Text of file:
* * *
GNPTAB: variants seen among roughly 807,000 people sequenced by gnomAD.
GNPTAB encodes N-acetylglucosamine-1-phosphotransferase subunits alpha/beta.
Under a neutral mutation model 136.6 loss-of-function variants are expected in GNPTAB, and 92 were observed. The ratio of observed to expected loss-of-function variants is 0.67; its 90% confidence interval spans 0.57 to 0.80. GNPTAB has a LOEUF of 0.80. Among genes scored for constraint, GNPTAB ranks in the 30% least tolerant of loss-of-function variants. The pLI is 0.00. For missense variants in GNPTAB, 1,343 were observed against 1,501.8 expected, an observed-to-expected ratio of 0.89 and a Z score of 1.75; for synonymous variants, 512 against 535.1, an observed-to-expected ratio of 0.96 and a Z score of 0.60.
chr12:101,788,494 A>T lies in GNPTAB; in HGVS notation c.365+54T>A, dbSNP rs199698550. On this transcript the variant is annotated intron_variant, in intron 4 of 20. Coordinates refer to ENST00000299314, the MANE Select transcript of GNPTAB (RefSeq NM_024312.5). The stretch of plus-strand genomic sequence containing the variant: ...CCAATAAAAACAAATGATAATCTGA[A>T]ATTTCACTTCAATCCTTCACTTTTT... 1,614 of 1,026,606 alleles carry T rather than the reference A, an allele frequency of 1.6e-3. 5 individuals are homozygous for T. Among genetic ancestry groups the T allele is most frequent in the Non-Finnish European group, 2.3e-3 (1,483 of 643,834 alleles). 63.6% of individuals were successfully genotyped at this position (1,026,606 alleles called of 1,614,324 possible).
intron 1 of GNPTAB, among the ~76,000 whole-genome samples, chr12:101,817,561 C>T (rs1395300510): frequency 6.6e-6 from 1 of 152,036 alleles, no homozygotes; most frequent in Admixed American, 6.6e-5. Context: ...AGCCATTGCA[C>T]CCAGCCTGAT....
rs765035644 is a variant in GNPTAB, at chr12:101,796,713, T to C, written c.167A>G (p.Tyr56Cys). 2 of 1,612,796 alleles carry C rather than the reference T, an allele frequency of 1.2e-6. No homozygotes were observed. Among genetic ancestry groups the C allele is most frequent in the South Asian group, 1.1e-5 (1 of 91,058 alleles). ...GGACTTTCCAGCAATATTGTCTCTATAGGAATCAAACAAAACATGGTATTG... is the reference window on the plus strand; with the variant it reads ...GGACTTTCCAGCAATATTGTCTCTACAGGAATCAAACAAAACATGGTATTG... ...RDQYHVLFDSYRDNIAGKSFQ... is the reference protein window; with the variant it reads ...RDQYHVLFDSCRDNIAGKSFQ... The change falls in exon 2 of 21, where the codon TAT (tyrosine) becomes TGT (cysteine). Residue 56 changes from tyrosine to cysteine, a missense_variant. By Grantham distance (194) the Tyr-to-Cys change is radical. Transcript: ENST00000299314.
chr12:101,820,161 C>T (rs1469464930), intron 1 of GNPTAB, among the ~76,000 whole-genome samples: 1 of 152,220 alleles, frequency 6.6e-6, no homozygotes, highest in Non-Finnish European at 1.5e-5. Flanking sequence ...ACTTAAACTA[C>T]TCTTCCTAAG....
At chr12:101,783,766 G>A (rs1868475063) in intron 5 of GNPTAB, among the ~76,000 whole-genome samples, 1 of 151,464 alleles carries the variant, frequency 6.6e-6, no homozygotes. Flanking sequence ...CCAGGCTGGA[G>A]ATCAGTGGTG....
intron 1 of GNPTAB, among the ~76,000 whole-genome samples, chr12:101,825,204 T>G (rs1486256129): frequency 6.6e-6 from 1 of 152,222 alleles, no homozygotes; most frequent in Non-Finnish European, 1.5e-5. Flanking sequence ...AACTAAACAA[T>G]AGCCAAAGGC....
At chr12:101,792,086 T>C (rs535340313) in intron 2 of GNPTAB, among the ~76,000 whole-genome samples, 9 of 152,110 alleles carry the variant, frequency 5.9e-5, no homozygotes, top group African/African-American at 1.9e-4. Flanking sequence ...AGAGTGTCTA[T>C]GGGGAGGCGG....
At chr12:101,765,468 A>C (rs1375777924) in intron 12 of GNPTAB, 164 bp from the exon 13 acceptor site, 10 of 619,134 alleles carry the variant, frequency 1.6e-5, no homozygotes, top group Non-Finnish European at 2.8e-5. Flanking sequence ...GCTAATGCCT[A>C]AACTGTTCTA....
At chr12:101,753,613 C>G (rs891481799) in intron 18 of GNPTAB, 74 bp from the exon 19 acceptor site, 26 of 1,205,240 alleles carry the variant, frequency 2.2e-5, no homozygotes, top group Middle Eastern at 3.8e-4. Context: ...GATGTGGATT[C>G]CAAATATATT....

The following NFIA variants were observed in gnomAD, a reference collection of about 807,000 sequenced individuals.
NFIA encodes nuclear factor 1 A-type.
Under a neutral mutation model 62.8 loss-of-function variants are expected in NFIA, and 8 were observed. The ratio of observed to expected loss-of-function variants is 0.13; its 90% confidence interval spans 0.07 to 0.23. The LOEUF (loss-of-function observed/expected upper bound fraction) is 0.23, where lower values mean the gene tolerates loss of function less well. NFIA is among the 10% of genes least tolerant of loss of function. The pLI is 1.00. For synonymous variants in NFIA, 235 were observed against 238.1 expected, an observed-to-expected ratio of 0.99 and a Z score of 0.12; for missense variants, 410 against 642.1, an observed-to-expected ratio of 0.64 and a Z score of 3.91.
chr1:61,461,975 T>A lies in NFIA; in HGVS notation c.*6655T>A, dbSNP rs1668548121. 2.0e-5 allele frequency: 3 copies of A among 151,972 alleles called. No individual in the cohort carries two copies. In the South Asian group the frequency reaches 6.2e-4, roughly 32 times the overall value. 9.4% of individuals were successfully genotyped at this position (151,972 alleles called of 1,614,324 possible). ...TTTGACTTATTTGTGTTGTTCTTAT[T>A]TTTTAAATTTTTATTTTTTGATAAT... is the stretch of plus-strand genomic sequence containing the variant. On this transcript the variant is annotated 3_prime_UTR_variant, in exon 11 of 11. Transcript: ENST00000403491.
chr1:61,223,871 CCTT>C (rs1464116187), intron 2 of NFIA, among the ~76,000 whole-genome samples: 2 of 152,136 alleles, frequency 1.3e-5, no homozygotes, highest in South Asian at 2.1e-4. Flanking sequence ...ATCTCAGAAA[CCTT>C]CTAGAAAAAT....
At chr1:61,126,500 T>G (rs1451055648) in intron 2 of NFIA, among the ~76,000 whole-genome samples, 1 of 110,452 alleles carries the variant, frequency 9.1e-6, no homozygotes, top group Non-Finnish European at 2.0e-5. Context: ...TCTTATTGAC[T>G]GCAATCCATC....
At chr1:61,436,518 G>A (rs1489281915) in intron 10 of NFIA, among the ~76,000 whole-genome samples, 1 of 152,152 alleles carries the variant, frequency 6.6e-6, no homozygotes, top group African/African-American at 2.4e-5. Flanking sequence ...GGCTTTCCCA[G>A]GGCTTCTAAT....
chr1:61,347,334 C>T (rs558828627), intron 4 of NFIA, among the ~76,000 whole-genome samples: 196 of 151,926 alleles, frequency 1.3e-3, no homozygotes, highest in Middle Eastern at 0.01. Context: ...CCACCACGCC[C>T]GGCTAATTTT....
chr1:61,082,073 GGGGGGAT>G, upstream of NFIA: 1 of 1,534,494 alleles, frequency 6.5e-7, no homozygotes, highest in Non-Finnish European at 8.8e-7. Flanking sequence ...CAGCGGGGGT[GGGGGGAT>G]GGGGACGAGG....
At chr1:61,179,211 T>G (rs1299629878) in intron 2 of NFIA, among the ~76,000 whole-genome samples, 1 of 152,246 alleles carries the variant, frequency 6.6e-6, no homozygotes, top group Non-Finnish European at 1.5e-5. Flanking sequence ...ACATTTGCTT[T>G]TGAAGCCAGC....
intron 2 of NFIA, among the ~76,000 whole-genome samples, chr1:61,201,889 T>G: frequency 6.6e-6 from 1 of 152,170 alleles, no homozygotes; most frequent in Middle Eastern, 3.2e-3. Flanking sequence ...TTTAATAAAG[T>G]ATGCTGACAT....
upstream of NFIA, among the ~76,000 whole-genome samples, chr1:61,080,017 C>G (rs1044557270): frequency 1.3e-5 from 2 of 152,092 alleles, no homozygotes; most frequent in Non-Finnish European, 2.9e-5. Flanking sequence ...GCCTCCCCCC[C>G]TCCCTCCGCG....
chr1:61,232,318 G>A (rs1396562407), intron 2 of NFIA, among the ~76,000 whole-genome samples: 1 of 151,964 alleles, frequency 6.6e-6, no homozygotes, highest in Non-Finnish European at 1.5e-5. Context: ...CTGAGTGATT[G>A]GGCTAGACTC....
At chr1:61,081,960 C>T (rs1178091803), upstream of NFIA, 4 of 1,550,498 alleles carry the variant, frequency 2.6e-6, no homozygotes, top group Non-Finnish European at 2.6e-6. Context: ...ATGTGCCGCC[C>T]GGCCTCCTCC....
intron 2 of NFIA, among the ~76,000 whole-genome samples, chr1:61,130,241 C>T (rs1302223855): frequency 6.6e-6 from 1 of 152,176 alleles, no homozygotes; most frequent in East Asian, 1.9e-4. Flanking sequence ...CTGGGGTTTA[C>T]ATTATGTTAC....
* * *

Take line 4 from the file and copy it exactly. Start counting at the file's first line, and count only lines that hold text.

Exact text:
chr12:101,788,494 A>T lies in GNPTAB; in HGVS notation c.365+54T>A, dbSNP rs199698550. On this transcript the variant is annotated intron_variant, in intron 4 of 20. Coordinates refer to ENST00000299314, the MANE Select transcript of GNPTAB (RefSeq NM_024312.5). The stretch of plus-strand genomic sequence containing the variant: ...CCAATAAAAACAAATGATAATCTGA[A>T]ATTTCACTTCAATCCTTCACTTTTT... 1,614 of 1,026,606 alleles carry T rather than the reference A, an allele frequency of 1.6e-3. 5 individuals are homozygous for T. Among genetic ancestry groups the T allele is most frequent in the Non-Finnish European group, 2.3e-3 (1,483 of 643,834 alleles). 63.6% of individuals were successfully genotyped at this position (1,026,606 alleles called of 1,614,324 possible).